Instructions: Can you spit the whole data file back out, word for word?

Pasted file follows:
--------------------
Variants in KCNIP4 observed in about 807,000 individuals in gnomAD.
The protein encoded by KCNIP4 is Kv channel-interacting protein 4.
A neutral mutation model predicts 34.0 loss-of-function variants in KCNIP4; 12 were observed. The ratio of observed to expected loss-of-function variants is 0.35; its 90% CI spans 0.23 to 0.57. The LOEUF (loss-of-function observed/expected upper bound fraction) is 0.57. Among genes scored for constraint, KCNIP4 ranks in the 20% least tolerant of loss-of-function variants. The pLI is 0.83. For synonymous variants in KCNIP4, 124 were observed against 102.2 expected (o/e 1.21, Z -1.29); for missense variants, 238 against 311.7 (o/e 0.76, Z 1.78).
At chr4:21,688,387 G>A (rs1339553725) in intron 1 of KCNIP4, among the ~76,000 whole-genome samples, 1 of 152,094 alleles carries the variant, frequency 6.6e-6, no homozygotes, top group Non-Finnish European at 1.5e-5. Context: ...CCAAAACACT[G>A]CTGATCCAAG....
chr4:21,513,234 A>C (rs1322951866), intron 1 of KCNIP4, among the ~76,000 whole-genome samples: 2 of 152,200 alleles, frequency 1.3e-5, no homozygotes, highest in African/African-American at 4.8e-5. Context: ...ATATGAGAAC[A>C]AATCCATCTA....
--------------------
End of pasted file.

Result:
Variants in KCNIP4 observed in about 807,000 individuals in gnomAD.
The protein encoded by KCNIP4 is Kv channel-interacting protein 4.
A neutral mutation model predicts 34.0 loss-of-function variants in KCNIP4; 12 were observed. The ratio of observed to expected loss-of-function variants is 0.35; its 90% CI spans 0.23 to 0.57. The LOEUF (loss-of-function observed/expected upper bound fraction) is 0.57. Among genes scored for constraint, KCNIP4 ranks in the 20% least tolerant of loss-of-function variants. The pLI is 0.83. For synonymous variants in KCNIP4, 124 were observed against 102.2 expected (o/e 1.21, Z -1.29); for missense variants, 238 against 311.7 (o/e 0.76, Z 1.78).
At chr4:21,688,387 G>A (rs1339553725) in intron 1 of KCNIP4, among the ~76,000 whole-genome samples, 1 of 152,094 alleles carries the variant, frequency 6.6e-6, no homozygotes, top group Non-Finnish European at 1.5e-5. Context: ...CCAAAACACT[G>A]CTGATCCAAG....
chr4:21,513,234 A>C (rs1322951866), intron 1 of KCNIP4, among the ~76,000 whole-genome samples: 2 of 152,200 alleles, frequency 1.3e-5, no homozygotes, highest in African/African-American at 4.8e-5. Context: ...ATATGAGAAC[A>C]AATCCATCTA....